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Textus Receptus Bibles

Geneva Bible 1560/1599



5:1Rebuke not an Elder, but exhort him as a father, and the yonger men as brethren,
5:2The elder women as mothers, the yonger as sisters, with all purenesse.
5:3Honour widowes, which are widowes in deede.
5:4But if any widowe haue children or nephewes, let them learne first to shewe godlinesse towarde their owne house, and to recompense their kinred: for that is an honest thing and acceptable before God.
5:5And shee that is a widowe in deede and left alone, trusteth in God, and continueth in supplications and praiers night and day.
5:6But shee that liueth in pleasure, is dead, while shee liueth.
5:7These things therefore warne them of, that they may be blamelesse.
5:8If there bee any that prouideth not for his owne, and namely for them of his housholde, hee denieth the faith, and is worse then an infidell.
5:9Let not a widow be taken into the number vnder three score yeere olde, that hath beene the wife of one husband,
5:10And well reported of for good woorkes: if shee haue nourished her children, if shee haue lodged the strangers, if shee haue washed the Saintes feete, if shee haue ministred vnto them which were in aduersitie, if shee were continually giuen vnto euery good woorke.
5:11But refuse the yonger widowes: for when they haue begun to waxe wanton against Christ, they will marrie,
5:12Hauing damnation, because they haue broken the first faith.
5:13And likewise also being idle they learne to goe about from house to house: yea, they are not onely ydle, but also pratlers and busibodies, speaking things which are not comely.
5:14I will therefore that the yonger women marie, and beare children, and gouerne the house, and giue none occasion to the aduersary to speake euill.
5:15For certaine are alreadie turned backe after Satan.
5:16If any faithfull man, or faithfull woman haue widowes, let them minister vnto them, and let not the Church bee charged, that there may bee sufficient for them that are widowes in deede.
5:17The Elders that rule well, let them be had in double honour, specially they which labour in the worde and doctrine,
5:18For the Scripture sayeth, Thou shalt not mousell the mouth of the oxe that treadeth out the corne: and, The labourer is worthie of his wages.
5:19Against an Elder receiue none accusation, but vnder two or three witnesses.
5:20Them that sinne, rebuke openly, that the rest also may feare.
5:21I charge thee before God and the Lord Iesus Christ, and the elect Angels, that thou obserue these thinges without preferring one to an other, and doe nothing partially.
5:22Lay handes suddenly on no man, neither be partaker of other mens sinnes: keepe thy selfe pure.
5:23Drinke no longer water, but vse a litle wine for thy stomakes sake, and thine often infirmities.
5:24Some mens sinnes are open before hand, and goe before vnto iudgement: but some mens folowe after.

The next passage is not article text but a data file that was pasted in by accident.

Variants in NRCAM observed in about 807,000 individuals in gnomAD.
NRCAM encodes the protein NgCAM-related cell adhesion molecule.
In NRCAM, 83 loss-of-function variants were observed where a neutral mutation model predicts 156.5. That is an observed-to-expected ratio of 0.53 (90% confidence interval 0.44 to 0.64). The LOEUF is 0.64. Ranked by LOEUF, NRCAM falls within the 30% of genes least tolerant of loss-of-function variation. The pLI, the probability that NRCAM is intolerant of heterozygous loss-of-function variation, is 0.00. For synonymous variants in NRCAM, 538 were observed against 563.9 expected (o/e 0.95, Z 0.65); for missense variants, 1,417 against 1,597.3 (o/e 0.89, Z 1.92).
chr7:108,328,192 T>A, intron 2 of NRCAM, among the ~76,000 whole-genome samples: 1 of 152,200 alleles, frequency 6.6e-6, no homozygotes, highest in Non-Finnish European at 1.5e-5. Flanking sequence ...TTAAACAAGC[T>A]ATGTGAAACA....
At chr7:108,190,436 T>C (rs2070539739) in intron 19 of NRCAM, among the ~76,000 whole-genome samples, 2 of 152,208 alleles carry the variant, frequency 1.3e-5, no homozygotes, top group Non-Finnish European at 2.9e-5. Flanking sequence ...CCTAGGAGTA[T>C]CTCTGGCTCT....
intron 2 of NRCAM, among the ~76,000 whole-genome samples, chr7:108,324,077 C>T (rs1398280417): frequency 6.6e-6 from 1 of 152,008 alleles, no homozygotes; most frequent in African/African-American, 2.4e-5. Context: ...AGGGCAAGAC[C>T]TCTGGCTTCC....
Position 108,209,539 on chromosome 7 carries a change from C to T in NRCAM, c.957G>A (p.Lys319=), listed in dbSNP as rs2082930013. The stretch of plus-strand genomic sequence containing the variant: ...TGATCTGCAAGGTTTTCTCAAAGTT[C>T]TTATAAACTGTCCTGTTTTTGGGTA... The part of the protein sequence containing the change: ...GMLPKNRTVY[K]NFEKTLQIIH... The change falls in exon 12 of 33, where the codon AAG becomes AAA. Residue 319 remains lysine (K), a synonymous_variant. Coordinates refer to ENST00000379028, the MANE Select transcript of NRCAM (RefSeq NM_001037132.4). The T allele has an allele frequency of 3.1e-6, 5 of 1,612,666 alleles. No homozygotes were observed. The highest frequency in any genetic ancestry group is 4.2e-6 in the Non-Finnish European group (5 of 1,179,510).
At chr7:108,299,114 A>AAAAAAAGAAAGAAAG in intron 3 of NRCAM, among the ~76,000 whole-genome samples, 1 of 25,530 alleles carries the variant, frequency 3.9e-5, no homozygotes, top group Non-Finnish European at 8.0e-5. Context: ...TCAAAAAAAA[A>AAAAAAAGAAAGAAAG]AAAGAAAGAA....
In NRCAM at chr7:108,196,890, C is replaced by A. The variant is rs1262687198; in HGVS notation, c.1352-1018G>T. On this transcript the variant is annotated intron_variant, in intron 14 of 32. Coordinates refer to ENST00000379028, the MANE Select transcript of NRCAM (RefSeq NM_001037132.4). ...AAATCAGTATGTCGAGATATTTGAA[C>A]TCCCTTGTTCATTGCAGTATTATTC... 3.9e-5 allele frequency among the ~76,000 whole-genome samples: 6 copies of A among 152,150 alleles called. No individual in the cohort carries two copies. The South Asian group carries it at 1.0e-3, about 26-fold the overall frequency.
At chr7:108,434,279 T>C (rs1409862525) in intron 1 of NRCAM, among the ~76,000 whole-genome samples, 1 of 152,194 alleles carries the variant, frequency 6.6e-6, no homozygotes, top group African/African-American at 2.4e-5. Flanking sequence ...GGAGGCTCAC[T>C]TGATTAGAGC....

5:25Likewise also the good woorkes are manifest before hande, and they that are otherwise, cannot be hid.
Geneva Bible 1560/1599

Geneva Bible 1560/1599

The Geneva Bible is one of the most influential and historically significant translations of the Bible into English, preceding the King James translation by 51 years. It was the primary Bible of 16th century Protestantism and was the Bible used by William Shakespeare, Oliver Cromwell, John Knox, John Donne, and John Bunyan. The language of the Geneva Bible was more forceful and vigorous and because of this, most readers strongly preferred this version at the time.

The Geneva Bible was produced by a group of English scholars who, fleeing from the reign of Queen Mary, had found refuge in Switzerland. During the reign of Queen Mary, no Bibles were printed in England, the English Bible was no longer used in churches and English Bibles already in churches were removed and burned. Mary was determined to return Britain to Roman Catholicism.

The first English Protestant to die during Mary's turbulent reign was John Rogers in 1555, who had been the editor of the Matthews Bible. At this time, hundreds of Protestants left England and headed for Geneva, a city which under the leadership of Calvin, had become the intellectual and spiritual capital of European Protestants.

One of these exiles was William Whittingham, a fellow of Christ Church at Oxford University, who had been a diplomat, a courtier, was much traveled and skilled in many languages including Greek and Hebrew. He eventually succeeded John Knox as the minister of the English congregation in Geneva. Whittingham went on to publish the 1560 Geneva Bible.

This version is significant because, it came with a variety of scriptural study guides and aids, which included verse citations that allow the reader to cross-reference one verse with numerous relevant verses in the rest of the Bible, introductions to each book of the Bible that acted to summarize all of the material that each book would cover, maps, tables, woodcut illustrations, indices, as well as other included features, all of which would eventually lead to the reputation of the Geneva Bible as history's very first study Bible.